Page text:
COVID-19 and a shifted perspective on infectious farm animal disease research

Cow nose

COVID-19 brought an immediate end to the on-farm fieldwork for the social science cluster. The team’s discussions around biosecurity and disease modelling now extends to their own lives, and not just those of the farmers and the animals they would speak to on fieldwork visits. Here, social scientist Lewis Holloway discusses how the biosecurity measures imposed as a result of the COVID-19 lockdown have shifted thinking on the project’s research topic.

Conversations on infectious diseases and measures for controlling them have been inescapable for the past few months as COVID-19 spread across the globe. But in our case, these have been our almost daily focus for the past two years as we look to explore why certain endemic diseases, in our case Bovine Viral Diarrhoea (BVD) persist in cattle in the UK.

Making life safe

BVD, like COVID-19, is a viral disease whose effects may vary in severity. My thinking on BVD is influenced by discussions of biosecurity, a phrase suggesting measures for trying to ‘make life safe’. Biosecurity involves anticipating what threats to life might occur, being prepared to respond to their occurrence, and being ready to make interventions to reduce the effects. Discussion of biosecurity has described three overlapping ways of attempting to make life safe. Although these were originally conceived in relation to protecting of human life, they, and the concept of biosecurity, have more recently tended to be associated with attempts to secure animal life. They are, first, exclusion (preventing the ill moving into a space); second, inclusion (quarantining the ill within a space); and third, normalisation (managing a disease through interventions such as vaccination).

As COVID-19 took hold, we have very rapidly seen the application of all of these modes of biosecurity, which I had been thinking about in rather abstract terms and in relation to animals, back onto our own lives in very significant and concrete ways (as emphasised by writing this article whilst locked-down in my own home). This has forced a recalibration of my perspective on animal and human infectious diseases together. We see the exclusion, inclusion and normalisation practiced by farmers in relation to their animals, being practiced by governments in relation to us through border closures, ‘social distancing’, quarantine, self-isolation, and in debates and research surrounding treatments, testing regimes, vaccination, and whether ‘herd immunity’ is possible.

(Re)gaining control

BVD is an animal disease which we have been told (e.g. by vets) should be relatively easy to eradicate through testing and/or vaccination—but it hasn’t been eradicated, it persists. We ask in our research why does it persist if it’s so easy to control? COVID-19, on a different scale and severity as far as humans are concerned, opens up those same questions: why are these things are so hard to deal with in practice?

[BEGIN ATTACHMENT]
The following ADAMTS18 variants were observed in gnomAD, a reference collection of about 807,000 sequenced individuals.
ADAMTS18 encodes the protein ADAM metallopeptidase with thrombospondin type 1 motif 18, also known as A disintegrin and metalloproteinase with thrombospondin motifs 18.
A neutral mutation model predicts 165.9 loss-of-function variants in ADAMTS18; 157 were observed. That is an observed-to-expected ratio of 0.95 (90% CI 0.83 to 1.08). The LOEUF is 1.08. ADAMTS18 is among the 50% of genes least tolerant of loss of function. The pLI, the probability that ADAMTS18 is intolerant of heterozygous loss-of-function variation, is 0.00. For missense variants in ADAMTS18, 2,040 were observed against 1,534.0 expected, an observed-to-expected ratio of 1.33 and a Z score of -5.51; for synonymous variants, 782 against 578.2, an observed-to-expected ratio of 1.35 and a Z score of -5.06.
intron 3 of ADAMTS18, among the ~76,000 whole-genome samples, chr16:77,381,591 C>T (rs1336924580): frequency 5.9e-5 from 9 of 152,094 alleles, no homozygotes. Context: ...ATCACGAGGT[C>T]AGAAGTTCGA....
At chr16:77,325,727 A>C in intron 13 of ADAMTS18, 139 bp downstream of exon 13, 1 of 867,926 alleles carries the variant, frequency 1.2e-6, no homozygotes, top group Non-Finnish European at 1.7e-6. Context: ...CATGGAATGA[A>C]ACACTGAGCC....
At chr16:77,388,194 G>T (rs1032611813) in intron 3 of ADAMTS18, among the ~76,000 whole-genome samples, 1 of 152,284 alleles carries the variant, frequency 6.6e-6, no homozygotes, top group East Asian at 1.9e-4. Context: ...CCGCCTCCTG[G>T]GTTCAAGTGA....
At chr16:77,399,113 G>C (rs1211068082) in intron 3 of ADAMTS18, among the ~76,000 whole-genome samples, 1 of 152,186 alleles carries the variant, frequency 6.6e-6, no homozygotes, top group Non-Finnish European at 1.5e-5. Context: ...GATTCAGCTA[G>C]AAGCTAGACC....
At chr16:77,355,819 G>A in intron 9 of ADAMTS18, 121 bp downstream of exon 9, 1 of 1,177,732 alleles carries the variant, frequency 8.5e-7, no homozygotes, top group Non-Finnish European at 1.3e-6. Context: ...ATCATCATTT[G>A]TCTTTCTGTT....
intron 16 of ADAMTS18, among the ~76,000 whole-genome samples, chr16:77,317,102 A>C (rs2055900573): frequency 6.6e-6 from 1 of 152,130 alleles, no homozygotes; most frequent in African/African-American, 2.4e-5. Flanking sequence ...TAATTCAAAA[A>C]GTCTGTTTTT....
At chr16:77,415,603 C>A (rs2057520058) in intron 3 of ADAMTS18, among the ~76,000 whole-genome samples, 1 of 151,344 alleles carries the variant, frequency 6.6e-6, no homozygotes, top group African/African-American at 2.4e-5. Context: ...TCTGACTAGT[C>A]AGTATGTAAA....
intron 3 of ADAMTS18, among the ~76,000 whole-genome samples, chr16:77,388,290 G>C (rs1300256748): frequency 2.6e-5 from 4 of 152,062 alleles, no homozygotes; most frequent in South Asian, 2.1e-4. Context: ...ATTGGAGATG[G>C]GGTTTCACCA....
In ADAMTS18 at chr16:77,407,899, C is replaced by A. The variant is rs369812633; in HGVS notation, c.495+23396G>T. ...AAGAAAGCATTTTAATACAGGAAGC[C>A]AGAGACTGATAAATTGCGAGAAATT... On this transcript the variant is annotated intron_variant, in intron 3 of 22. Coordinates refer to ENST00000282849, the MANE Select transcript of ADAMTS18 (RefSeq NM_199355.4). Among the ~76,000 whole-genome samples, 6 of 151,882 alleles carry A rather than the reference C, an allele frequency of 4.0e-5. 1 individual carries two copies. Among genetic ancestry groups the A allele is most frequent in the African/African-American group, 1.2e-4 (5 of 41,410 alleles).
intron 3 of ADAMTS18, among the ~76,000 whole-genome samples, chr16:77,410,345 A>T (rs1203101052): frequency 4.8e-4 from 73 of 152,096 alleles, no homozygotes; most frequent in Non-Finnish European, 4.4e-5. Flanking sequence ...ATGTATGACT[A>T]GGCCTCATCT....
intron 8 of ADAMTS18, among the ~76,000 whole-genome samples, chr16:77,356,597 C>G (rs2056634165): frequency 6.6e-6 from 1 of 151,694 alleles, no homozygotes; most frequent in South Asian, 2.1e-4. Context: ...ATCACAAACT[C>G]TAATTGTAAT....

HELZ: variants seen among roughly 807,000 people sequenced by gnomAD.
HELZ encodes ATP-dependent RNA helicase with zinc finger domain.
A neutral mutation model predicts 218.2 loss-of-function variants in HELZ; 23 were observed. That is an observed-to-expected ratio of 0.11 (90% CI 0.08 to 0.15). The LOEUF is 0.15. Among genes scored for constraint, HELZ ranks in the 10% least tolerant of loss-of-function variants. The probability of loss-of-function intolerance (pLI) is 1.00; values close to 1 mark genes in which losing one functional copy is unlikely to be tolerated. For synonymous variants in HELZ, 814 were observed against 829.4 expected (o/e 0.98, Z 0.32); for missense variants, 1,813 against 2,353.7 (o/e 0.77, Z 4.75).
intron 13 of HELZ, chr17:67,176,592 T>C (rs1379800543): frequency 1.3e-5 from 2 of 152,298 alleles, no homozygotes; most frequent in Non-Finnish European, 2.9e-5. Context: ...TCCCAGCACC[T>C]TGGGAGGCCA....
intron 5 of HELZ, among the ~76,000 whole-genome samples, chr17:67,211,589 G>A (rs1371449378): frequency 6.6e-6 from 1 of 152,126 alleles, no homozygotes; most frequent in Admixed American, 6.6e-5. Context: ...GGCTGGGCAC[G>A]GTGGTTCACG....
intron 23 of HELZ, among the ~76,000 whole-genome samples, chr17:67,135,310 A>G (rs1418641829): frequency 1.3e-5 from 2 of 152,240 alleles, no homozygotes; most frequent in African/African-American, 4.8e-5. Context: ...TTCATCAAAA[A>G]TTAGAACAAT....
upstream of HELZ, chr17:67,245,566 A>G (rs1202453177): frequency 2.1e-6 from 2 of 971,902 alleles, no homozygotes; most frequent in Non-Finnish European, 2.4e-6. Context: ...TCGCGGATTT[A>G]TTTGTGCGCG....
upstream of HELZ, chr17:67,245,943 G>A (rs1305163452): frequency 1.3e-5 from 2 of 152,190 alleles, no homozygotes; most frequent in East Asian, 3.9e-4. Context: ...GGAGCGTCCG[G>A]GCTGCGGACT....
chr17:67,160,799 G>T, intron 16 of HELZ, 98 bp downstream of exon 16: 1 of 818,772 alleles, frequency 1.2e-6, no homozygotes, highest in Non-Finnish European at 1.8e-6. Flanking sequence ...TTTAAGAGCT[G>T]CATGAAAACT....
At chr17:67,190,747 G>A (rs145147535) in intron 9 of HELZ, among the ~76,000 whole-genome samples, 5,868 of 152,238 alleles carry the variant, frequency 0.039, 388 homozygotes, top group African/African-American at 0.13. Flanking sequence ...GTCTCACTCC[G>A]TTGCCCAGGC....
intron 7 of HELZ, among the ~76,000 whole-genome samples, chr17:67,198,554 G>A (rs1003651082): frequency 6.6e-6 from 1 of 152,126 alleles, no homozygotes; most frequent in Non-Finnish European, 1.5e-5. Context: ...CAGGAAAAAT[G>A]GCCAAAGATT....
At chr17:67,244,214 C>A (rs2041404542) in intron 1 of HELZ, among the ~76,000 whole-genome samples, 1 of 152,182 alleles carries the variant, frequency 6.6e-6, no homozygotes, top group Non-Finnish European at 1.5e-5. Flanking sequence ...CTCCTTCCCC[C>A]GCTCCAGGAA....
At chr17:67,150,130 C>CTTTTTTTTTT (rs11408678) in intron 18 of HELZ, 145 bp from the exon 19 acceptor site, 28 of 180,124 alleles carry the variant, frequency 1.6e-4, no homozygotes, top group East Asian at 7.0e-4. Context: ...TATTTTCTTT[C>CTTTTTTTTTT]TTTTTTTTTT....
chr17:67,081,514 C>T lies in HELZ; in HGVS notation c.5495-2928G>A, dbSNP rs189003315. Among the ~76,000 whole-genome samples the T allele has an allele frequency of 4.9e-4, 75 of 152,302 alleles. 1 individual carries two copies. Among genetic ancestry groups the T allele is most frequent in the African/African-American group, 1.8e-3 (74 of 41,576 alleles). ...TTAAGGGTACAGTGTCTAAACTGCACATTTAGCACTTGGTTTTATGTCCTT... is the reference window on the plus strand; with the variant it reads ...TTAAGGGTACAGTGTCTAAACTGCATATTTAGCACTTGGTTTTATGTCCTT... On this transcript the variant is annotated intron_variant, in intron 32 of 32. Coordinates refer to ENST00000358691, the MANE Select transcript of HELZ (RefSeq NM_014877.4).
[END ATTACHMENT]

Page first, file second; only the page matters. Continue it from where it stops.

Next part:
Explaining this means thinking about the complexity of viral infections and their relationships with vulnerable bodies, the logistics of organising medical equipment and care, and the messiness of human behaviour in relation to ‘lockdown’ regimes. Exemplifying a human-animal parallel, mobility is crucial in thinking about infection. For an agricultural and food system to function people and animals must move, in ‘normal’ circumstances and even in lockdown, in order for food production to continue. But at the same time, movement and the mingling of human and animal bodies facilitates infection. In lockdown, too, addressing viral diseases in animals may be even harder as animal biosecurity and care become more challenging because of attempts to manage human biosecurity, let alone due to human illness affecting farm work.

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Entangled lives

While notions of ‘One Health’ (emphasising the interconnectedness of human and animal health) might be criticised for their lack of specificity to particular situations, there is still a sense in which the parallels and interconnections between infectious disease in cows and humans suddenly become more graphic as we see them playing out in our lives in relation to something clearly much more infectious and problematic for us as humans, something shocking our healthcare, social care and political economic systems. There is a sudden brutal exposure of the entanglement of human and animal lives, not just in terms of the presumed origins of COVID-19 in ‘wild’ animals and their use as food in certain parts of the world, but in a more mundane way in terms of a heightened sense of shared embodiedness, vulnerability, and subjection to similar biosecurity measures. Our food systems and lifestyles together produce these disease risks—in livestock farming systems, and in mobile and interconnected human lives: both provide ideal viral environments.

Both COVID-19 and our research into BVD continues, albeit remotely for the latter. It will be interesting to see what further similarities between our research and the current epidemic emerge, and more broadly how human-animal relations change as the stories of both continue to play out.


This blog is adapted from an article originally published in Agriculture and Human Values by Lewis Holloway. https://doi.org/10.1007/s10460-020-10072-2